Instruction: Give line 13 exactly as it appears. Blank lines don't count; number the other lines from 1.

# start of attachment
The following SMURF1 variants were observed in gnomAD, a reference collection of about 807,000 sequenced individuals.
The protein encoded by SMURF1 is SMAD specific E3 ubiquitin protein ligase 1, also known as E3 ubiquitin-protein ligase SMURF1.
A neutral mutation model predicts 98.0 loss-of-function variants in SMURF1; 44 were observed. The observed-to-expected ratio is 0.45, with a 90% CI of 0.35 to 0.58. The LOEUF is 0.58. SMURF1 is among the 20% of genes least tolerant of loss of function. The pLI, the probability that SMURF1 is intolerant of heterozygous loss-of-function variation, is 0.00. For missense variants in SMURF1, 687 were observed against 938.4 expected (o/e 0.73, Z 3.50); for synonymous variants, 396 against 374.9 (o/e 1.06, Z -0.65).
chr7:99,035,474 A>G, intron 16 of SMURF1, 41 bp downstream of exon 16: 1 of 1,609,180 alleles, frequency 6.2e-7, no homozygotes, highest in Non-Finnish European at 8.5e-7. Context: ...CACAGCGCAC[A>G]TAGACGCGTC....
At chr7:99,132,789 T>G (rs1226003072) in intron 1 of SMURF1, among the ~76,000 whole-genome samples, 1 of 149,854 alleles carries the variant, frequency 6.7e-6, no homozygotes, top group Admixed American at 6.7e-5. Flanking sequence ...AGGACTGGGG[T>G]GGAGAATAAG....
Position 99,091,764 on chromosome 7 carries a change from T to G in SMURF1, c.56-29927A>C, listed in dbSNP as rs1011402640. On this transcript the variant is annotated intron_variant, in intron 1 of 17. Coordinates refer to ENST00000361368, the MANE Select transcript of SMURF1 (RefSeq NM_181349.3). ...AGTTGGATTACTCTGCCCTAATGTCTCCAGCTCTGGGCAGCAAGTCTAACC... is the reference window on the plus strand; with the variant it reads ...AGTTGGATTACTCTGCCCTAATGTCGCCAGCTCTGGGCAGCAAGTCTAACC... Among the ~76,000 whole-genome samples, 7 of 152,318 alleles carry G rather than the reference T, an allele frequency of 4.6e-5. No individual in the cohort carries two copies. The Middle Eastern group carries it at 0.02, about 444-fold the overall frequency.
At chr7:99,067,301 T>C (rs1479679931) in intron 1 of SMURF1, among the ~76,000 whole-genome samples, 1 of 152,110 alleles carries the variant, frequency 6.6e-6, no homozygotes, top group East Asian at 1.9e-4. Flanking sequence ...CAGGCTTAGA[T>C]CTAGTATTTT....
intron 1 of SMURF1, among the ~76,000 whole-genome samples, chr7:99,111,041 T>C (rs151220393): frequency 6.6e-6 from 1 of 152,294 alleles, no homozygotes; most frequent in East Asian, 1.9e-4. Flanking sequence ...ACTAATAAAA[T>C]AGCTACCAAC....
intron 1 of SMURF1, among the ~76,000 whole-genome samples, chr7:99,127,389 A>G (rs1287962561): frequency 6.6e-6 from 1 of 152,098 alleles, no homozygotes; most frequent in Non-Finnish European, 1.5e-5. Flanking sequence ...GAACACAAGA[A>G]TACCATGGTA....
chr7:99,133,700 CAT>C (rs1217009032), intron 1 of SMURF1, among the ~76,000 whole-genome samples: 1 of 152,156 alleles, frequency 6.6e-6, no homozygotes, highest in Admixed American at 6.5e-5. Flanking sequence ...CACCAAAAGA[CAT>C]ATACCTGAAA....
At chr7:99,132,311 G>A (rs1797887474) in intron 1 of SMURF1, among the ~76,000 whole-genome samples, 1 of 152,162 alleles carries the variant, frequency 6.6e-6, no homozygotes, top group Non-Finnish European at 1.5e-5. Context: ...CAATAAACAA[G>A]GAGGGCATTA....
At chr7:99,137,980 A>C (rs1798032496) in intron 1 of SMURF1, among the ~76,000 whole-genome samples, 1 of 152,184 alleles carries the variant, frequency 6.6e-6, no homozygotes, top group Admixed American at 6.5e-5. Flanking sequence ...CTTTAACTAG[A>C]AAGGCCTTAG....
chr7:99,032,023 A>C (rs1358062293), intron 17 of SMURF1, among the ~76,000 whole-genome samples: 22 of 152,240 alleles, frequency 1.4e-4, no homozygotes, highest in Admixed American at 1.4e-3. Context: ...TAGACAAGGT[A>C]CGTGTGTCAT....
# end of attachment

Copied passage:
chr7:99,032,023 A>C (rs1358062293), intron 17 of SMURF1, among the ~76,000 whole-genome samples: 22 of 152,240 alleles, frequency 1.4e-4, no homozygotes, highest in Admixed American at 1.4e-3. Context: ...TAGACAAGGT[A>C]CGTGTGTCAT....